• For the rest of the day I found that as long as I had something in my stomach (but wasn't overly full), the nausea wasn't too bad.  Try to keep healthy carb/protein/fat balanced snacks on hand.  
  • Ginger chews and teas also help.   
  • Avoid the offenders: some personal nausea inducers included hot green tea (sadly missed but just not worth it) and heavily fragranced items which can be bad for the developing fetus and should probably be avoided anyway.   
  • And Acupuncture has also been proven to help with nausea and increase appetite according to this study.  Pulling Down the Moon in Chicago is a place I've used and liked.

Expect Emotional Hi's and Low's: I'm guilty of moodiness and irrational outbursts on a number of occasions (but have managed to stay married and keep my friends ;) by using the ideas below.

  • Mindful meditation has helped me a lot and "mommy time-outs" totally work in our house.  I've also found that exercise is a great way to shake a bad mood.  Experiment with what works for you as stress on the mom is bad for the baby and can cause negative epigenetic expressions as discussed above, including mental and behavioral issues for your baby years later.  Plus, who needs all that bad energy!
  • It's important that your partner knows that these are mostly hormone induced episodes and you'll be back to your old self in just 10 short months ;)  You have to make so many adjustments to your life right now, your partner should be able to grin and bear it for a while (within reason of course).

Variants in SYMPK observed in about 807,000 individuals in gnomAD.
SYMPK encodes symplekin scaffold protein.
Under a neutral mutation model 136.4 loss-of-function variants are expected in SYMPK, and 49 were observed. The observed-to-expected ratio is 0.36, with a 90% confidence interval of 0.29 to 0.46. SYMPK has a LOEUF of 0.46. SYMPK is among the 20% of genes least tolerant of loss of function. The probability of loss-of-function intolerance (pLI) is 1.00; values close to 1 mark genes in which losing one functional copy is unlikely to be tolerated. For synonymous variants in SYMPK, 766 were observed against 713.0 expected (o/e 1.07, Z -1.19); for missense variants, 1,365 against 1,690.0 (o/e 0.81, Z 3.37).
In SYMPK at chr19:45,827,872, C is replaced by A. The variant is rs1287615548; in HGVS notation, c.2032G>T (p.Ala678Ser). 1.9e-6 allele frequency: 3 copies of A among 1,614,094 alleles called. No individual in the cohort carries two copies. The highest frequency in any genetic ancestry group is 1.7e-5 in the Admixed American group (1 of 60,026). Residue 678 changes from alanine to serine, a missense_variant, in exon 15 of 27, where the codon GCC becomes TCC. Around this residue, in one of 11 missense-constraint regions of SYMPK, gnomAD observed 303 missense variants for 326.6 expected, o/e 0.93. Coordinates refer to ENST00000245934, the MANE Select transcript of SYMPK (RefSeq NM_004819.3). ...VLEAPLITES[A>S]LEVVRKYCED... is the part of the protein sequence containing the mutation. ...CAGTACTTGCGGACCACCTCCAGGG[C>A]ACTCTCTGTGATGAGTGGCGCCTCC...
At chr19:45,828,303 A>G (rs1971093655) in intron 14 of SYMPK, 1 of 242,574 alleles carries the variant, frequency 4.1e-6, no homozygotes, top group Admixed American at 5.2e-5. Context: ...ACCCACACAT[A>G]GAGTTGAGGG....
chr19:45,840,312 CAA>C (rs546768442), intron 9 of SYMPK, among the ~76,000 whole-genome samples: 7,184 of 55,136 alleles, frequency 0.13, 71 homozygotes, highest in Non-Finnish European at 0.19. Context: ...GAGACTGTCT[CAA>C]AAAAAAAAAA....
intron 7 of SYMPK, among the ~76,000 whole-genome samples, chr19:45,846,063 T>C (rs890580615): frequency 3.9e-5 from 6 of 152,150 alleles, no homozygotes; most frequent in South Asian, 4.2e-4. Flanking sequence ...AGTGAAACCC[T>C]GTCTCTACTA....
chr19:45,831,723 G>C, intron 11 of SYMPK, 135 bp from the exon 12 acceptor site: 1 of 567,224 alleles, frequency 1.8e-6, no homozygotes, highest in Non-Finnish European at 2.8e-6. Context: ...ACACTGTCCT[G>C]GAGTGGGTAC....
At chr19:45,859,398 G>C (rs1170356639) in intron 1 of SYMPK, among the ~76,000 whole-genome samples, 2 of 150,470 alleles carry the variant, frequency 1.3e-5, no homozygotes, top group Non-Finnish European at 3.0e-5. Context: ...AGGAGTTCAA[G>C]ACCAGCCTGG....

Nest:  Besides very vivid and bizarre dreams, the nesting instinct is one of my personal first signs of pregnancy.  If you're feeling it and have the energy to nest, i.e. organize, clean, decorate etc., go for it now while you can.  There really is something to be said for getting your home ready for baby and clearing the junk from your current life and the space for your new one.

Dress the Part: Ahh, that early belly is a fun sign that you're pregnant, but also looks a bit like you've had too many beers and burgers.  I like flowy tops at first until the belly really takes shape, and then I say show it off!  Find maternity style inspiration here and here.

I hope some of these ideas will work for you.  Let me know if you have any others....and congratulations!!